I still think only my writing itself – my writing, my constant labor, and whatever luck might erupt into my life – will be the only factors to give me anything approaching a break-out bestseller.

Thus, my focus remains on writing – on novels and stories and essays and the occasional poem – not social media.

If you see me here on my blog, on Twitter, on Facebook, you’re seeing me having fun.

One more time:

Social media is playtime – it’s a sparkly pastime, a great way to connect and interact – and I love you dearly for choosing to spend your time with me in this manner.

But it’s hardly the key to success, and should not be treated as such.

NOTE: This essay also appears in my $.99 ebook TEN SHORT ESSAYS ON WRITING.

  1. Missed your hello last night, so Hi! Great post. 🙂

  2. Akira says:

    Or it means they are one of those who are like me who read it, but do usually not do things just because they are asked for it but only if they are interested in it – as I might be in your book but not in silly “hi back” tweets 😉

    • davidbainaa says:

      Good point. Just saying the response is probably comparable; I doubt a ton more people will click through on a post about one of my books – for instance, my tweets about blog posts like this one usually result in a dozen or less views. I’ll continue making them, but people seem to tolerate my more “spammy” self-promotional tweets, hopefully because they also see there’s a real person there interacting in between them. I keep at the promotional tweets because, well, they do result in a tiny trickle of sales every now and then, but were I not having fun with the real interaction, it probably wouldn’t be worth maintaining the account just for advertising purposes – and I do see too many accounts which seem to be set up just for that.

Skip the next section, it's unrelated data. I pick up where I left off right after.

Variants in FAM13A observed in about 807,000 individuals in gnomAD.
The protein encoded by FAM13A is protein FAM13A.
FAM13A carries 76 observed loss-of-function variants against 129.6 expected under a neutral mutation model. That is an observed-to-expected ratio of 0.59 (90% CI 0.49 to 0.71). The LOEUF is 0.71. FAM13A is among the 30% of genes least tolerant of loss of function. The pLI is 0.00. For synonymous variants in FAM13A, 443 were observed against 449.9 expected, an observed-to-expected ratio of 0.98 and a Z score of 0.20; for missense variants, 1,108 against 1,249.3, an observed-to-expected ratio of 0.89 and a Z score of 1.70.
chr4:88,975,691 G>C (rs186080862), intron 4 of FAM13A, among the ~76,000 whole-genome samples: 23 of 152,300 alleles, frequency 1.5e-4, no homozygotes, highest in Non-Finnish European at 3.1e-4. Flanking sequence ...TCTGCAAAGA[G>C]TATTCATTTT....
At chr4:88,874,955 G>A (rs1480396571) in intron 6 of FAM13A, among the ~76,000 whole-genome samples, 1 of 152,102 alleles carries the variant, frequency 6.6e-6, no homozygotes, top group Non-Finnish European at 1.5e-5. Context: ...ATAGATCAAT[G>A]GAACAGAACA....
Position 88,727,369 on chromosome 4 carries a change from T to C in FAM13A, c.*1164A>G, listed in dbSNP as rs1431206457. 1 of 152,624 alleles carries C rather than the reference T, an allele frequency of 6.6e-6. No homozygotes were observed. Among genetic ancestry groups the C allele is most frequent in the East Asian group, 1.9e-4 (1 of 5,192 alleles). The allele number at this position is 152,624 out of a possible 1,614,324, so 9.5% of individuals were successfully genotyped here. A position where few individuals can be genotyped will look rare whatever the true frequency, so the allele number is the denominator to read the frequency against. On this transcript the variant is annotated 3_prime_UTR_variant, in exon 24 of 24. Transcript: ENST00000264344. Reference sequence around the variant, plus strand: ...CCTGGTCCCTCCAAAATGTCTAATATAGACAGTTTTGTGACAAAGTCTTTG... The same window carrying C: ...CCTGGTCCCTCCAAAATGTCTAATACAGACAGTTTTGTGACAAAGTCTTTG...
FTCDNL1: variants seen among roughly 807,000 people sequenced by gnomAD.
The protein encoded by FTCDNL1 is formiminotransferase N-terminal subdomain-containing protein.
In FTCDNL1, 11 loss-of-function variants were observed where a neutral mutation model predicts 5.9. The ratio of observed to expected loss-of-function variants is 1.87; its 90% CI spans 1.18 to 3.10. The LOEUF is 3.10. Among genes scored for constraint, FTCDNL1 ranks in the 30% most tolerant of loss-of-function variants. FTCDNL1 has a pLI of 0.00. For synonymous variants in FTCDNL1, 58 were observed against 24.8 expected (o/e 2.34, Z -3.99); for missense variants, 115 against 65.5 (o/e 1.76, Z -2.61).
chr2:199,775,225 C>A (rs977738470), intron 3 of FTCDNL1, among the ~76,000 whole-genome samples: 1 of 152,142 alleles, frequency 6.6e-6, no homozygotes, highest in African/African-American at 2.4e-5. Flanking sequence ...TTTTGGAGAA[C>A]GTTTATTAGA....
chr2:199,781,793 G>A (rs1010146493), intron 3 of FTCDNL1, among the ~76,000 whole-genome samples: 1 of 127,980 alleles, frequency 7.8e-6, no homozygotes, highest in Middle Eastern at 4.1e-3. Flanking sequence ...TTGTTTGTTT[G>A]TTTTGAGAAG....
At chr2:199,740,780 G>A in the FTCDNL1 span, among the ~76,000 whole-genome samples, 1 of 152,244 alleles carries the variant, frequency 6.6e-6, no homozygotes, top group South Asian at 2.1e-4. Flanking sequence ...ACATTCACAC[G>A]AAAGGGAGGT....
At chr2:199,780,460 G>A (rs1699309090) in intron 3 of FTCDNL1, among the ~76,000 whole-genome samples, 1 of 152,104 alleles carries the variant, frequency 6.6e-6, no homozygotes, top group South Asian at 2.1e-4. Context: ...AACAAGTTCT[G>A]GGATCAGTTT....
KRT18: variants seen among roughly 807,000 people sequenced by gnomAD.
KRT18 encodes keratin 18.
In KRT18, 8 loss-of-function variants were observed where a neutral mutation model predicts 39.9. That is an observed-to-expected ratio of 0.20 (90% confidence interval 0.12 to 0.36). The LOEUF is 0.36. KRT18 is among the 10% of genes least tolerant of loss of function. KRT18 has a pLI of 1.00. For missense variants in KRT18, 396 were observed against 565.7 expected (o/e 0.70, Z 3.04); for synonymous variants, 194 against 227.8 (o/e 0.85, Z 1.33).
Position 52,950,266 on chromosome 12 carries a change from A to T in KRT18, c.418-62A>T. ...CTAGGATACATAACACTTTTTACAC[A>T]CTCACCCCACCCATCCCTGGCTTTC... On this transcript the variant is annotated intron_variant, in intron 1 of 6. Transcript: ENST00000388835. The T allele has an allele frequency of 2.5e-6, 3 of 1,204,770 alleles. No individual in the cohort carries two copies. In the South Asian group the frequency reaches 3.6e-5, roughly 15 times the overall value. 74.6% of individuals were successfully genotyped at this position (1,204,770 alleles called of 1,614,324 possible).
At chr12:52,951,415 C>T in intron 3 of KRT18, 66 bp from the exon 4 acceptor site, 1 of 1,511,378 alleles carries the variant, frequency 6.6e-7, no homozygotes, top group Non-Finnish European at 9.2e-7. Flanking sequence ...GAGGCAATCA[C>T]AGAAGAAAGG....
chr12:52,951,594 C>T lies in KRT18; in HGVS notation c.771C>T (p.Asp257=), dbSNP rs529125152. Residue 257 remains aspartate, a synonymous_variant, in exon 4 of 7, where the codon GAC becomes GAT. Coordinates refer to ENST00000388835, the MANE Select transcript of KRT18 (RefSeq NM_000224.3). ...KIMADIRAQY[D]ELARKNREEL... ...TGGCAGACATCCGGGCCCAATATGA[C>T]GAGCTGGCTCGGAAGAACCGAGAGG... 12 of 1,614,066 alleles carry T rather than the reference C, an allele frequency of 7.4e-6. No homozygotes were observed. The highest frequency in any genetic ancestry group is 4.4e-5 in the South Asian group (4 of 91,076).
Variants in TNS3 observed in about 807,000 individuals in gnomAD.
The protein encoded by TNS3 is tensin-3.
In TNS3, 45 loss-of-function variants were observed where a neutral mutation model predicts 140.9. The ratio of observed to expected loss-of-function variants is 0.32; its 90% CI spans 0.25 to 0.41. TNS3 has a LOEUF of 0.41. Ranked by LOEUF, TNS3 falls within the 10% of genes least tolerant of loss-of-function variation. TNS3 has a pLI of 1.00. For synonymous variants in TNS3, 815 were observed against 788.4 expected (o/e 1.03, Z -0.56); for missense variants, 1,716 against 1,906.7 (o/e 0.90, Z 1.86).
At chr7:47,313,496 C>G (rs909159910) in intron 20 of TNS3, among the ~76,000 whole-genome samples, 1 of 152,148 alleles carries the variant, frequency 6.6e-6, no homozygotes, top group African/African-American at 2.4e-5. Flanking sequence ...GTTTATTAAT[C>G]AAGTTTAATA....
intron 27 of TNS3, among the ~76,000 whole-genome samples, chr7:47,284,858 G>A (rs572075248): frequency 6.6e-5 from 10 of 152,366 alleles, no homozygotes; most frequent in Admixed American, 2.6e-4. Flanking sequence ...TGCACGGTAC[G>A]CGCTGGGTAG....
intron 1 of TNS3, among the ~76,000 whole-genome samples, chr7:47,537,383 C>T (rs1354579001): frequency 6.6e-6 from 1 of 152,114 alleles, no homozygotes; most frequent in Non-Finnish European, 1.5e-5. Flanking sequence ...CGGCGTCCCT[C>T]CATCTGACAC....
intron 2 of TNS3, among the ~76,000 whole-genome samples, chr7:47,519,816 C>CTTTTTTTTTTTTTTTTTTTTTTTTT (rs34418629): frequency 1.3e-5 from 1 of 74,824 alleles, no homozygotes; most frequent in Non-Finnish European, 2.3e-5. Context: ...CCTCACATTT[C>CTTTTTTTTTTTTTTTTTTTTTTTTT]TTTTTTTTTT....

• Akira says:

        I agree – partly. I think it all depends on what your are trying to promote. People who follow your Twitter are very likely to either having read one of your books or being interested in your books. This, however, does not mean they are also interested in reading your blog/blogs in general. I for my part read about 2-3 books a week at least, when I’m on vacation or got more time it’s more likely to be 5-10 books. I do, however, only read a couple of blogs on a regular basis (to be honest, I even only read two blogs – Sarah Rees Brennan’s cause I love every single word this woman writes and one of my friend’s) plus some people’s tumblr. This is the first time I’ve ever been to your blog and I only came here because your tweet had me curious about it. I did read more or less every tweet you’ve written since I started following you, though. Same goes for most writers I follow and I very often pick up their new books or read short stories they wrote. In fact most books I’ve bought in the past months I found out about on Twitter or facebook since they’ve been recommended by other writers or friends who also read a lot.

        So what I’m saying is, it might seem as if Twitter wasn’t suitable for advertisement but truth is, it is – just not the way you might imagine it to be. I would never have found out about you were you not on Twitter and usually if something is true for one person, it’s also true for a whole bunch of others.

      • davidbainaa says:

        That’s a good point too. I guess I say myself in the post that I’m staying in it for the connections, not so much for potential sales.

  3. michaelkrose says:

    Hi, Dave. I’d say that the vast majority of people who I *know* have read my books, I met on Twitter. But out of, say 100 sales I see come through on Amazon, how many of them found me through Twitter? Well, there are five possible routes to my books that I can think of:

    1. Twitter
    2. Facebook
    3. My blog/website or my speculative fiction webzine